Sacramento (BCN) – Basic Income can be brought from the system to older foster parents without finding a permanent placement with the family.
On Monday, State Senator Dave Cortese, D-San Jose, announced a law providing supplementary income to approximately 3,000 former foster parent adolescents in the state who are no longer receiving foster care and resources by the age of 21.
Senate Bill 739 requires the State Department to provide California residents with a direct payment of $ 1,000 for three years.
According to a 2018 University of Chicago survey, former foster parents aged 18 to 24 are often deprived of their rights and face significant disadvantages.
They are likely to have low physical and mental health problems, as well as higher and higher education achievement rates, as a result of unfavorable employment.
According to Cortese, these struggles were only exacerbated by the pandemic.
“At these uncertain times, unconditional basic income can provide stability to foster parents transitioning from foster parent to adulthood and improve social, economic and educational outcomes,” Cortese said. Mr. says.
On average, Cortese points out that, according to a study at the University of California, Irvine: Behavioral problems, asthma, obesity than non-foster children. “
The state offers foster care for 18-21 year olds and offers additional benefits and resources. And studies have shown that this extension improves the likelihood of favorable results.
However, the same study also shows that a sudden blockage of resources on the 21st birthday has its own set of negative consequences, according to a study from the University of Chicago.
Cortese introduced a similar law in the summer of 2020 when he was the overseer of Santa Clara County.
The county has approved a one-year pilot program that provides 72 ex-foster parents adolescents over the age of 24 who are too old to receive foster parent support with a monthly benefit of $ 1,000.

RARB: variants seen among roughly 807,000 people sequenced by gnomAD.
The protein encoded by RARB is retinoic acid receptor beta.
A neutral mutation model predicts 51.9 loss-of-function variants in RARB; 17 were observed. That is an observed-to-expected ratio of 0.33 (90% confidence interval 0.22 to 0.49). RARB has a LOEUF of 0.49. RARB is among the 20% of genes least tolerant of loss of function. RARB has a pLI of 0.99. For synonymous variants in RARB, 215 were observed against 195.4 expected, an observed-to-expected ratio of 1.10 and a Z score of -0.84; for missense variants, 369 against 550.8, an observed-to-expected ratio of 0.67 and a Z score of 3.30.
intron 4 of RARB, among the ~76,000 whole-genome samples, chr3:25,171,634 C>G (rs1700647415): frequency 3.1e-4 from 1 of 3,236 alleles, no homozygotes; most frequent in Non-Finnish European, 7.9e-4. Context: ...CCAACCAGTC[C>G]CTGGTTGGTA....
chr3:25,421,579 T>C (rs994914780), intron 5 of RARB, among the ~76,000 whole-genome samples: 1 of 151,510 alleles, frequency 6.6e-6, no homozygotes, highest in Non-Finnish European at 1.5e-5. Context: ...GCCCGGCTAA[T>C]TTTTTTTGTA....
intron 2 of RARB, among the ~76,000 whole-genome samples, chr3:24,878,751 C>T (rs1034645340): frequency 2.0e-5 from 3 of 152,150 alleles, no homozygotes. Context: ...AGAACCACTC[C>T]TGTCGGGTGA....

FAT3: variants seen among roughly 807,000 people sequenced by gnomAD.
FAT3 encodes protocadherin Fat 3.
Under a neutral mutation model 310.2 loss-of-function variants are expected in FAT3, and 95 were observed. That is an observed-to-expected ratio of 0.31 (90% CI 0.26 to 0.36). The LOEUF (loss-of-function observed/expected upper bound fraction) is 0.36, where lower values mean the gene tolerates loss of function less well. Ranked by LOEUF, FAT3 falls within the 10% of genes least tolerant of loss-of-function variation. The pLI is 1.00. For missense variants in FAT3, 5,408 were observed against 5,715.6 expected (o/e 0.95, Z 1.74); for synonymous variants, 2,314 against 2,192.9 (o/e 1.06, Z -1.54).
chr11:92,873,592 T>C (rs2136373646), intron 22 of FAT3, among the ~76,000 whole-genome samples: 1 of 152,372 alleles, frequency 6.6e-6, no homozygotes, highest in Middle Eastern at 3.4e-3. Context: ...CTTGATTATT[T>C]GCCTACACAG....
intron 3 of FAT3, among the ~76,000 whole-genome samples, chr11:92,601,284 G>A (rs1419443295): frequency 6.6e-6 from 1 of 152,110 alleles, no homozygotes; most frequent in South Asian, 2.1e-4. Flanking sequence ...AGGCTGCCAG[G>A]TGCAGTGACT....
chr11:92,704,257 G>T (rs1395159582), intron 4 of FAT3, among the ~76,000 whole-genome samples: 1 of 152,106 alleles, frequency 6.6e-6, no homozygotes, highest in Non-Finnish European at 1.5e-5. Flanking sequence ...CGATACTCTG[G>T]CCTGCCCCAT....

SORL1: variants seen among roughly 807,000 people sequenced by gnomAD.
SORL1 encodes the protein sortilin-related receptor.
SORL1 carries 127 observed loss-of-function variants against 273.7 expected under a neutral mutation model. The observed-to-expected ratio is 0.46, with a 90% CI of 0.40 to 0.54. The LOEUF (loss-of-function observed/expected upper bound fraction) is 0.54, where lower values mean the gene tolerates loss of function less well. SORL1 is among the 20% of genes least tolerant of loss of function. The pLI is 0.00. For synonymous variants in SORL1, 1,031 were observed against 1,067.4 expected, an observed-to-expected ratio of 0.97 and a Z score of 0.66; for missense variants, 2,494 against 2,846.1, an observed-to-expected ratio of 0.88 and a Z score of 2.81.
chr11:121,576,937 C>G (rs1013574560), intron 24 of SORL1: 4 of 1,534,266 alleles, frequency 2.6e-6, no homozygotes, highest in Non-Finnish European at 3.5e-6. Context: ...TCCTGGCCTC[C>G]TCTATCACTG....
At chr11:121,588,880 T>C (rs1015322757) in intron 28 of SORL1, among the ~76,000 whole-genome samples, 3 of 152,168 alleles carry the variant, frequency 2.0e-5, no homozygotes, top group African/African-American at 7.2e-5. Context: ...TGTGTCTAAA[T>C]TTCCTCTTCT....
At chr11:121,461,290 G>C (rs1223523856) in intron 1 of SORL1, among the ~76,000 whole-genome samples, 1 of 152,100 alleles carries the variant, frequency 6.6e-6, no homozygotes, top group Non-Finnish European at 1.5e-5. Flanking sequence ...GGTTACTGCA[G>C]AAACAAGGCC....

“As far as we know in Santa Clara County, things are going well,” Cortese said.
His senator said he had talked with the program’s former foster parents and the county’s Social Welfare Agency, which was “enthusiastic” about the program’s fruition.
Senator said, “I’ve only heard good things” overall, despite some logistical issues.
“In this economy and in this environment, it’s hard to make mistakes for foster parents in transition for $ 1,000 a month,” Cortese said. “It’s not a lot of money, but it’s the kind of money that can help or replace the loss of low-paying jobs. Unfortunately, many of these young people are once liberated.”
Santa Clara County conducted a program survey this summer to analyze its success, and Cortese is optimistic that the county will continue to do so in the future.
He also believes that from an ideological point of view, there should not be much opposition at the state level.
“The majority of the Democrats we’re here tend to be very concerned about safety nets and make sure they aren’t punctured,” Cortese said. “You don’t have a hard time getting ideological support here.”
But of course, large investments have budgetary and logistical concerns. However, the budget for 2020/2021 has already invested $ 37 million in system-aged non-minor dependents.
“So it’s not completely off the radar,” Cortese said. “This is already acknowledged. I think non-minor dependents are an important part of our safety net. More than ever.”
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Bay Area Lawmaker Seeks 3 Years Of Basic Income For Aged-Out Foster Youth – CBS San Francisco Source link Bay Area Lawmaker Seeks 3 Years Of Basic Income For Aged-Out Foster Youth – CBS San Francisco